11 Must-Try Foods Around South America
Over the past few months, I've taken you on a culinary journey of Europe, Asia, the US and Canada. Now, it's time to head south of the border and experience the fiery, flavoursome cuisine of South America. So strap those taste buds in for a wild ride across the Amazon and down through the wild, rugged mountains of Patagonia!
This Peruvian seafood favourite has made its way onto many an Aussie restaurant menu, but there's simply nothing better than the real deal. Made from raw, fresh fish that's been cured in lemon juice and spices, ceviche is hugely popular all along the east coast of Central and South America, but Peru has pretty much claimed it as their national dish, serving it up with corn, onion, and sweet potato. Simply delish!
It seems every culture has it's own take on fried dough, from Hungary's lángos to Canada's BeaverTails. In Peru, it's all about picarones! These doughnut-like treats, made from squash and sweet potato and covered in a sweet syrup, originated over 200 years ago as a cheaper alternative to buñuelos (a type of sweet fried dough ball popular during the festive season). Root veggies might not sound like fantastic dessert ingredients, but don't knock it till you've tried it!
Australia has pies and sausage rolls, South America has empanadas. This delicious fried pastry is the snack of choice for people all over the continent and is often served during parties and festivals. The filling varies among countries, but common flavours include spiced chicken or beef, onion, ham, cheese and fish - there are even dessert varieties, featuring sweet fruit fillings!
If empanadas are to South America what meat pies are to Oz, the alfajor is their Tim Tam. These tasty round bikkies traditionally consist of dulce de leche (caramel made with milk) sandwiched between two crumbly, shortbread-like cookies, then rolled in powdered sugar, coconut, or covered in chocolate. Need we say more?
If you're as obsessed with chicken nuggets as I am, you're going to absolutely love coxhinas. These Brazilian snacks, roughly translating as "little [chicken] thigh", are made from chopped or shredded chicken, which is then covered in dough, formed into a chicken leg shape, then deep-fried. It's not exactly the healthiest thing in the world, but these delicious golden morsels are well worth the calories!
Three words: Chocolate fudge balls. The brigadeiro is a Brazilian icon, and rightfully so. These devilishly sweet truffles are traditionally made from condensed milk, cocoa powder, butter and chocolate, then covered in chocolate sprinkles. However, these days there are plenty of mouth-watering modern flavours, like strawberry, pistachio, Baileys, Nutella and more. Mmmm...
Having gotten this far, you're probably well aware that South America is a carb lover's heaven, and the arepa is no exception. This Venezuelan-Colombian dish dates back to before Columbus ever set foot on the continent in 1492. Made from corn flour and moulded into a flat, pancake-like bread, today's arepas are eaten with cheese, avocado, and even split in half to make sandwiches.Sound good? Sydney-siders can try it for themselves as part of a 14-dish Colombian feast at Aluna Restaurant in Neutral Bay from just $39! Check it out here.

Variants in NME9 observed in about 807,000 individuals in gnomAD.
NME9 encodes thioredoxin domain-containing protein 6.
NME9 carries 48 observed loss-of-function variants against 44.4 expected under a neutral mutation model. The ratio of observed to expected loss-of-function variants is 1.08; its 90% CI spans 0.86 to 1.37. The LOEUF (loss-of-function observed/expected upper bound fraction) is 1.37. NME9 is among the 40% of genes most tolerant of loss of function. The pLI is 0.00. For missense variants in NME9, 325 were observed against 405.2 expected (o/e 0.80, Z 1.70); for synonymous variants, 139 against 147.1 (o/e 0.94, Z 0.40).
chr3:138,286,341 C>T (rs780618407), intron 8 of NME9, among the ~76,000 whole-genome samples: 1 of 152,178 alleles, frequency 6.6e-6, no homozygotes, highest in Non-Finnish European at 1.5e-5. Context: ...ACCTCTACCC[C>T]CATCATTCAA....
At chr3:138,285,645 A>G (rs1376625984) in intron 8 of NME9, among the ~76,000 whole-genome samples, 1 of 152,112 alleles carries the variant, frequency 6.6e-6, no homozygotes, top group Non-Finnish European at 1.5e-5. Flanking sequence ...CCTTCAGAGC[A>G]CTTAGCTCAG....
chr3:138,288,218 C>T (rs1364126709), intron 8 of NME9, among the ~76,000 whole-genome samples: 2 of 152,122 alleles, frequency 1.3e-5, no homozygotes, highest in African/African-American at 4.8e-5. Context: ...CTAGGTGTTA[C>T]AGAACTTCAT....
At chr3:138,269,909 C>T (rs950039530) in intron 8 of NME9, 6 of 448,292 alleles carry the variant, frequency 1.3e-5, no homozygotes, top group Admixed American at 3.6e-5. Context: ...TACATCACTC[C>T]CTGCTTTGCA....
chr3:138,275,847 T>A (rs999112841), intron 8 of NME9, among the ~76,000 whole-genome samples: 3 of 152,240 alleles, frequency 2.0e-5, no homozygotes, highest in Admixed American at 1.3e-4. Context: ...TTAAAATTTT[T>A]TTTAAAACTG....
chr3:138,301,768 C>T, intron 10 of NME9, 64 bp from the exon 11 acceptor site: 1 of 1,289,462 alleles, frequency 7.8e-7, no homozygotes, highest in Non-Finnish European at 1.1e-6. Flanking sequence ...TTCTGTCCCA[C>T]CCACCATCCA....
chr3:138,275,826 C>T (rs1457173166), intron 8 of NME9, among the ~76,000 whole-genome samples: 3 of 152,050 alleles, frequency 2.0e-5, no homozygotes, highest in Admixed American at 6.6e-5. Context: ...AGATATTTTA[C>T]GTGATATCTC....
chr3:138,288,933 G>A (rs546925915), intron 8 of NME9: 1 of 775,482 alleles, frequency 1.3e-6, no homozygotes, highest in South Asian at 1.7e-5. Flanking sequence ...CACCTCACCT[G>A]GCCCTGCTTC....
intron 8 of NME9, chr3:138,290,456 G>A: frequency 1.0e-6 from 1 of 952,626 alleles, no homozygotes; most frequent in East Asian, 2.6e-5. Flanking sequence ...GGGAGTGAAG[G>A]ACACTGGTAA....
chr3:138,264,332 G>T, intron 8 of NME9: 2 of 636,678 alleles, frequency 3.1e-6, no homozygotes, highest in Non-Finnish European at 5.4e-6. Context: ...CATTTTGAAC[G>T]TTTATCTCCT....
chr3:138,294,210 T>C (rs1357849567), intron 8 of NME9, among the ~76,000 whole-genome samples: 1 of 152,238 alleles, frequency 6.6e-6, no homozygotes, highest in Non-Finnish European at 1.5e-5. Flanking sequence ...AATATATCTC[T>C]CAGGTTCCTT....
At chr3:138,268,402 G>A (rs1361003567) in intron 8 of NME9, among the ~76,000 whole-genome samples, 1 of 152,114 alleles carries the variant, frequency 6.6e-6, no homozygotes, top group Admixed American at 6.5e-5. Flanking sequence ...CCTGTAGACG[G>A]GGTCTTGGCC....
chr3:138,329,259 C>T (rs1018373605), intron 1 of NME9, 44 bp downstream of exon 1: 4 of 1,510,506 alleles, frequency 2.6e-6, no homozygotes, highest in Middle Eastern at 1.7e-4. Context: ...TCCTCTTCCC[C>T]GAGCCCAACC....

Vegans and vegetarians, turn away now. Lechona, a central Colombian specialty, is a carnivore's dream. We're talking a roast pig stuffed with peas, green onion, rice and spices, slow-cooked in an outdoor brick oven for between 10 and 12 hours. The result is crispy-skinned, melt-in-your-mouth pork and perfectly-seasoned accompaniments. Sign me up!
These tasty, cheesy bread rolls were created by the indigenous Guaraní people in the 19th century, but nowadays, they're popular for brekkie and as a snack (particularly during religious festivals) and can be bought from street food vendors all over Paraguay and in Northeast Argentina. They're amazing on their own, but even better served warm with butter. Yum!
Love pork crackling? Just wait till you try chicharrones. Think pork ribs seasoned in garlic, lemon and oregano, boiled, then cooked in its own fat, often along with beer or chicha (an alcoholic drink made from corn). The result? Crispy, golden-brown, and oh-so-fatty morsels of happiness, served with hot sauce, salsa and corn. If you get the chance, be sure to try the chicken and fish variations, too!
Humita, a traditional Native American dish eaten all throughout the Andes, is probably the oldest food on our list, dating back hundreds of years. First, a dough is made from corn, butter or lard, onion, spices and occasionally cheese, which is then wrapped in corn husks and boiled. It might not sound particularly appetising, but one bite and you'll be a convert! Dessert humitas can also be made using sugar, cinnamon and raisins.